LONDON — One thing I neglected to bring up about 3GSM was the significant progress of certain technologies, especially since CTIA, the U.S. counterpart of 3GSM.
During the event, held in New Orleans in April last year, I had to search the floor thoroughly to find only a couple of HSDPA handsets, which support the next wave of high-speed cellular networks. I distinctly remember them being in the back of the LG booth as somewhat of an afterthought.
This year the handsets were unavoidable and in way-sleeker designs. The technology really seems mainstream this year.
Ditto for broadcast television technology. The idea behind broadcast television is that as more and more cellular users start to watch TV on phones, the signal will clog networks. A new technology has to come in to free up the traffic. Besides, if a lot of users are watching the same show, it doesn’t make sense to provide each one with an individual stream, as opposed to broadcasting the programming over a wide area.
In New Orleans, the only broadcast television I noticed was Qualcomm’s proprietary MediaFLO system. This year, broadcast TV was everywhere, from the networks to the handsets. All the standards were being displayed, from Qualcomm’s mediaFLO to DAB and DVB for Digital Audio and Video Broadcast to DVB-H.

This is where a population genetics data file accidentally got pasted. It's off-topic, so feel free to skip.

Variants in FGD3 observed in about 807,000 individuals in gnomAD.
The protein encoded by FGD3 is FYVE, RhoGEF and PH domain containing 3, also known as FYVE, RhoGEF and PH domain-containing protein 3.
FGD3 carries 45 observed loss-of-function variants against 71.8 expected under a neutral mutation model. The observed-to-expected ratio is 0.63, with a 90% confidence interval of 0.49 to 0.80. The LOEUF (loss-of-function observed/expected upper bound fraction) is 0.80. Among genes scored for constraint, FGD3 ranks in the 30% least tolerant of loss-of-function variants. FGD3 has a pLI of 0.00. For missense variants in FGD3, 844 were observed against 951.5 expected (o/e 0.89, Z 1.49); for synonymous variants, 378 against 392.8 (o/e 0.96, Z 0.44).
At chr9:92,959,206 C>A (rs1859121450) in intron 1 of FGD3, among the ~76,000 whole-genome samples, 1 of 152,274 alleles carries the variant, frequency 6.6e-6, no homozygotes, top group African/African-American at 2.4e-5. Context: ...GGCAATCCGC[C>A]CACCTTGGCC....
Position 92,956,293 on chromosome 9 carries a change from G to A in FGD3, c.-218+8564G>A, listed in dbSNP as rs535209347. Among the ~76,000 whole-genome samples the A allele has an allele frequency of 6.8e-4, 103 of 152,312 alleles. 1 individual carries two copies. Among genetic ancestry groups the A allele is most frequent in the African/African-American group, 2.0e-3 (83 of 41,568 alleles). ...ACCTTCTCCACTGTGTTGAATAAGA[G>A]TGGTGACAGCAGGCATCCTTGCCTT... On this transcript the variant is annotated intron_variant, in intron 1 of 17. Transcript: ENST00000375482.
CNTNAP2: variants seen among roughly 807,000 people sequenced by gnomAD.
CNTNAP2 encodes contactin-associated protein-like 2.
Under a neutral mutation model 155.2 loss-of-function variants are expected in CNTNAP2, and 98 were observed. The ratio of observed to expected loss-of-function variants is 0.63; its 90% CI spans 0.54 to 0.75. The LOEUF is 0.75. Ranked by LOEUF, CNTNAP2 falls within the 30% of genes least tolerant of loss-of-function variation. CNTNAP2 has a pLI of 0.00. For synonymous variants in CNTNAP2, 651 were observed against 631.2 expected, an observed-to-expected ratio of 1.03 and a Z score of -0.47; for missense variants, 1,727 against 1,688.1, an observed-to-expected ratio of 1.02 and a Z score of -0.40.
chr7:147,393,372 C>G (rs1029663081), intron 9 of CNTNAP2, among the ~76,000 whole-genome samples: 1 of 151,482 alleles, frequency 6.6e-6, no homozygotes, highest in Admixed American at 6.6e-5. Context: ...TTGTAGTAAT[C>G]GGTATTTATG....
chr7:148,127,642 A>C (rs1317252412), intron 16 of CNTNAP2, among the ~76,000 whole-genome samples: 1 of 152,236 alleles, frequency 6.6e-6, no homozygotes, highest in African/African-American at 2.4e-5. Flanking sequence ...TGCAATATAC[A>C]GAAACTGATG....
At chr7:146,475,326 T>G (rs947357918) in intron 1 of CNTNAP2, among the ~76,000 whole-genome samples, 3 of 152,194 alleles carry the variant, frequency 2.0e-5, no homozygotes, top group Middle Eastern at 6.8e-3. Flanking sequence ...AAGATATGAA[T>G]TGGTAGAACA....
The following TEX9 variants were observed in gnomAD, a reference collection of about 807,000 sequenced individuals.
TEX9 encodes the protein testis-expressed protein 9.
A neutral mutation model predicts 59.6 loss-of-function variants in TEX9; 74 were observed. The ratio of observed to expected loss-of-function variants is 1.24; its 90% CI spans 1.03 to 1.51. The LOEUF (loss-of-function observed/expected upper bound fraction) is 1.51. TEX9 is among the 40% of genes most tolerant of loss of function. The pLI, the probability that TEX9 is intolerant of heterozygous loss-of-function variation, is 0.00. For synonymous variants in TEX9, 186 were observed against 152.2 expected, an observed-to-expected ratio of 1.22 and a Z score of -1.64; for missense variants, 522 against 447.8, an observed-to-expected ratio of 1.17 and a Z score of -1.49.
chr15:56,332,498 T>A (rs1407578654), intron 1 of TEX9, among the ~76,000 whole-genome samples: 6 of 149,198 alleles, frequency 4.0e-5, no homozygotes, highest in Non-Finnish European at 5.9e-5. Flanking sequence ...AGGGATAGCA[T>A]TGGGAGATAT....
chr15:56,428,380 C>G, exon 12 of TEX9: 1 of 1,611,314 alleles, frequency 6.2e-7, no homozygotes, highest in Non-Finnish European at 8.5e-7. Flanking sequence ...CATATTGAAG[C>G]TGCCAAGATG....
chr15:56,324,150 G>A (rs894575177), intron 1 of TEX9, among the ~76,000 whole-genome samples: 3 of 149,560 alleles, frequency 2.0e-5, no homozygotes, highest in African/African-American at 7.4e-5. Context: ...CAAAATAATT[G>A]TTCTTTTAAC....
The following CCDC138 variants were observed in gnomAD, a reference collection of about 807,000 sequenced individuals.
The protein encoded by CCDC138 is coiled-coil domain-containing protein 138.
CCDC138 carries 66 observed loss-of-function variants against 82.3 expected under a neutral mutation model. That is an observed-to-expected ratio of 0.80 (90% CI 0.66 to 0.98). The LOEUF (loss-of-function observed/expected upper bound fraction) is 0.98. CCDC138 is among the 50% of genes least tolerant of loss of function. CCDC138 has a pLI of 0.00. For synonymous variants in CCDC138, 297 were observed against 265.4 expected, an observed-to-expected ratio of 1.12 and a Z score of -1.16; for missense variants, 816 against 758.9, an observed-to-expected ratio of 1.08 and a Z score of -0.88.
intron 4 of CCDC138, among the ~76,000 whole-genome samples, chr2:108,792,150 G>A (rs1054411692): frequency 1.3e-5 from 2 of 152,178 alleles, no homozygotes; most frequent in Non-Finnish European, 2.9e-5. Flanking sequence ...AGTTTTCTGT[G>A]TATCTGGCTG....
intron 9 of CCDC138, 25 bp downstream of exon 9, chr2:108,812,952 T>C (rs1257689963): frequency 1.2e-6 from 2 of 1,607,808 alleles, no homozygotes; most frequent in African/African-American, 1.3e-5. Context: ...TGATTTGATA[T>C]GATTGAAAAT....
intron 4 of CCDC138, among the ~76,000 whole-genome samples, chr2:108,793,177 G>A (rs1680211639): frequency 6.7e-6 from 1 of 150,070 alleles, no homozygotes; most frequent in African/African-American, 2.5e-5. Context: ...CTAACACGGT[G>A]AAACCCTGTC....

Microsoft even announced that it was launching DAB in partnership with Virgin Mobile, first time broadcast TV would be available in Europe.
The devices were impressive. At the Samsung booth, the screens of the flip phones opened and swiveled to a landscrape screen. The quality was high-definition. Nokia also had demos of its handsets, with a landscape screen playing live footage of the Olympics.
No word on when any of this technology will make it to the U.S., but Virgin is expected to launch its service this summer.